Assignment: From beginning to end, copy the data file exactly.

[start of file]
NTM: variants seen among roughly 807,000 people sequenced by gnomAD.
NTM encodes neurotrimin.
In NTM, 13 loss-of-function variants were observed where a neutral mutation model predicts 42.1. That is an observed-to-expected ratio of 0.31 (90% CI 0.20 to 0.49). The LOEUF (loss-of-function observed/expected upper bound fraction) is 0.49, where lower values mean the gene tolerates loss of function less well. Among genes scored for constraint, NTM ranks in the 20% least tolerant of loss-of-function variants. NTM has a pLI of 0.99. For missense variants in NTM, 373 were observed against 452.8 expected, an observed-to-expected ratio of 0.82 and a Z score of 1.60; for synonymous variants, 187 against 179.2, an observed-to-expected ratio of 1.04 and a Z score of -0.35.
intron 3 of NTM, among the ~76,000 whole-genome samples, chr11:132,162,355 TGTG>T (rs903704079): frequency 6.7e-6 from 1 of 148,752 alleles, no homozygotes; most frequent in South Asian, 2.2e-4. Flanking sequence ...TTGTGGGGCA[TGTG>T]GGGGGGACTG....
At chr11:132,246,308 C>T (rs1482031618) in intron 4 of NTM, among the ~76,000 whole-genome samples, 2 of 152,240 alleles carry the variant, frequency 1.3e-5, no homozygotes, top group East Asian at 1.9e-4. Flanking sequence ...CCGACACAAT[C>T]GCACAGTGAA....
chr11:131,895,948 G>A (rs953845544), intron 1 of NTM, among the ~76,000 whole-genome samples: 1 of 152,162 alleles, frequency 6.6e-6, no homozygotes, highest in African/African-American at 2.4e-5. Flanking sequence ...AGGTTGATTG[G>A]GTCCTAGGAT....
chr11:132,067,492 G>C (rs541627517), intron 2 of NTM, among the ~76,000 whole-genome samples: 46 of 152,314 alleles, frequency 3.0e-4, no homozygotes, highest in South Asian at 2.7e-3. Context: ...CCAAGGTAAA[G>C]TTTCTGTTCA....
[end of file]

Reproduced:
NTM: variants seen among roughly 807,000 people sequenced by gnomAD.
NTM encodes neurotrimin.
In NTM, 13 loss-of-function variants were observed where a neutral mutation model predicts 42.1. That is an observed-to-expected ratio of 0.31 (90% CI 0.20 to 0.49). The LOEUF (loss-of-function observed/expected upper bound fraction) is 0.49, where lower values mean the gene tolerates loss of function less well. Among genes scored for constraint, NTM ranks in the 20% least tolerant of loss-of-function variants. NTM has a pLI of 0.99. For missense variants in NTM, 373 were observed against 452.8 expected, an observed-to-expected ratio of 0.82 and a Z score of 1.60; for synonymous variants, 187 against 179.2, an observed-to-expected ratio of 1.04 and a Z score of -0.35.
intron 3 of NTM, among the ~76,000 whole-genome samples, chr11:132,162,355 TGTG>T (rs903704079): frequency 6.7e-6 from 1 of 148,752 alleles, no homozygotes; most frequent in South Asian, 2.2e-4. Flanking sequence ...TTGTGGGGCA[TGTG>T]GGGGGGACTG....
At chr11:132,246,308 C>T (rs1482031618) in intron 4 of NTM, among the ~76,000 whole-genome samples, 2 of 152,240 alleles carry the variant, frequency 1.3e-5, no homozygotes, top group East Asian at 1.9e-4. Flanking sequence ...CCGACACAAT[C>T]GCACAGTGAA....
chr11:131,895,948 G>A (rs953845544), intron 1 of NTM, among the ~76,000 whole-genome samples: 1 of 152,162 alleles, frequency 6.6e-6, no homozygotes, highest in African/African-American at 2.4e-5. Flanking sequence ...AGGTTGATTG[G>A]GTCCTAGGAT....
chr11:132,067,492 G>C (rs541627517), intron 2 of NTM, among the ~76,000 whole-genome samples: 46 of 152,314 alleles, frequency 3.0e-4, no homozygotes, highest in South Asian at 2.7e-3. Context: ...CCAAGGTAAA[G>C]TTTCTGTTCA....